Actress Natalie Portman: Israel's new nation-state law is 'racist'
This summer, Israeli Prime Minister Benjamin Netanyahu passed a controversial measure known as the "Basic Law," establishing Israeli Jews as having a "unique" right to self-determination and declaring Jerusalem the "complete and united" capital of Israel.
And Jerusalem-born Jewish actress Natalie Portman took strong issue with this law in a BBC interview posted earlier this week.
"It's racist and there's nothing else to say about that," said Portman. "It's wrong and I disagree with that."
Portman, who previously backed out of an Israeli award ceremony in April in protest of Netanyahu, made clear that it pains her to criticize Israel, but it had to be said. "It's like your family â€• you love them the most and you also feel the most critical."
As Sara Boboltz of the Huffington Post notes, the problem with Netanyahu's law is that Israel is in fact a deeply diverse and multi-ethnic state — non-Jewish Arabs, including 1.5 million Muslims and 160,000 Christians, account for one-fifth of the population, and these groups are worried about being reduced to second-class status in a nation already accused of institutional human rights abuses and illegal settlement of Palestinian territory.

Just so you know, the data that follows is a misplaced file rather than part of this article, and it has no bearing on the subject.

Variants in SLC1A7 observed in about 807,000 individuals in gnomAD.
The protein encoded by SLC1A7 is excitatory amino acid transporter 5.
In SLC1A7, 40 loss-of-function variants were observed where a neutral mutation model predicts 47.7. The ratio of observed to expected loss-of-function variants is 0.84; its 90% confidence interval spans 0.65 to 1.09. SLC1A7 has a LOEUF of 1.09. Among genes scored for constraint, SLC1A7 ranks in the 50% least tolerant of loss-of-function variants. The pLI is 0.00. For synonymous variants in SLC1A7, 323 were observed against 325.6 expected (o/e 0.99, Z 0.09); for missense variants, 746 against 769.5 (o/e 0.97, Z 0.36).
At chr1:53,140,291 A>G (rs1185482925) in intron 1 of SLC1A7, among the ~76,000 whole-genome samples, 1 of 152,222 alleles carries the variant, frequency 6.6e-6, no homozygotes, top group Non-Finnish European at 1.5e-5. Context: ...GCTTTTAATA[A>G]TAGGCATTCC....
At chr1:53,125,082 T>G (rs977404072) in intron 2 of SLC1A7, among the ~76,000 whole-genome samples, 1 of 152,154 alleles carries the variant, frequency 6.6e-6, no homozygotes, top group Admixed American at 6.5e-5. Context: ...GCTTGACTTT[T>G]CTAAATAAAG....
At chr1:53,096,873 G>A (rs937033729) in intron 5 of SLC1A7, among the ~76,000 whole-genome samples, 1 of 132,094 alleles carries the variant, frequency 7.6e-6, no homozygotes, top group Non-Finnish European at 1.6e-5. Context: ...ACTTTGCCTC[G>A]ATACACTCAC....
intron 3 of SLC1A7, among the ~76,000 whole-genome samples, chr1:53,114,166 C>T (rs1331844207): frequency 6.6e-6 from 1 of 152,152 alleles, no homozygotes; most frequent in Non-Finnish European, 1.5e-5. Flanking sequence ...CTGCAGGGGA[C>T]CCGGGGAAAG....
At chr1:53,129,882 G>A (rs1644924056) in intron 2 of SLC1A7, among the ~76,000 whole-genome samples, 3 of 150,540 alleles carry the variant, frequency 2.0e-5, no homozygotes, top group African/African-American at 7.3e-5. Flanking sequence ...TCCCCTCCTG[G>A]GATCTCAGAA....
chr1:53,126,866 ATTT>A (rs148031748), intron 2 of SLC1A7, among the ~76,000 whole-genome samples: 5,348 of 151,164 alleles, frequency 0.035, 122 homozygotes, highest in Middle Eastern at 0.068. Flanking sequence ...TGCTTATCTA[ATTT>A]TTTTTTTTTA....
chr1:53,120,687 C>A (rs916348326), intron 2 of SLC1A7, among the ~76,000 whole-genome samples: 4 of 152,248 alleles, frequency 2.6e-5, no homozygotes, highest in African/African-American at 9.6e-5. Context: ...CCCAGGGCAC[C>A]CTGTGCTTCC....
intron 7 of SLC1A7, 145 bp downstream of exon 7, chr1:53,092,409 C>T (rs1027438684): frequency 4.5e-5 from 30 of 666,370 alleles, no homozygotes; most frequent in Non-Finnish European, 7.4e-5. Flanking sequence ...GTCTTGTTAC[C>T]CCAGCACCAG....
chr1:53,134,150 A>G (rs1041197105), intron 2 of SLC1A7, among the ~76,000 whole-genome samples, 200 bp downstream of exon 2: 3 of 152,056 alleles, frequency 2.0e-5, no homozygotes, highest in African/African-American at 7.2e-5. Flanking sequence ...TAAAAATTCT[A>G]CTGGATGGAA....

President Donald Trump seems completely unconcerned with this tension. One month before Netanyahu's supremacy law was passed, Trump moved the U.S. embassy in Israel from Tel Aviv to Jerusalem, a clear signal to upend the international consensus that Jerusalem must be a shared capital between two states.
The evangelical right in America, a core component of Trump's base, had long supported such a move, not necessarily out of support for the Jewish people but in large part because they believe Jewish control over Jerusalem is necessary to bring about the end times prophecy.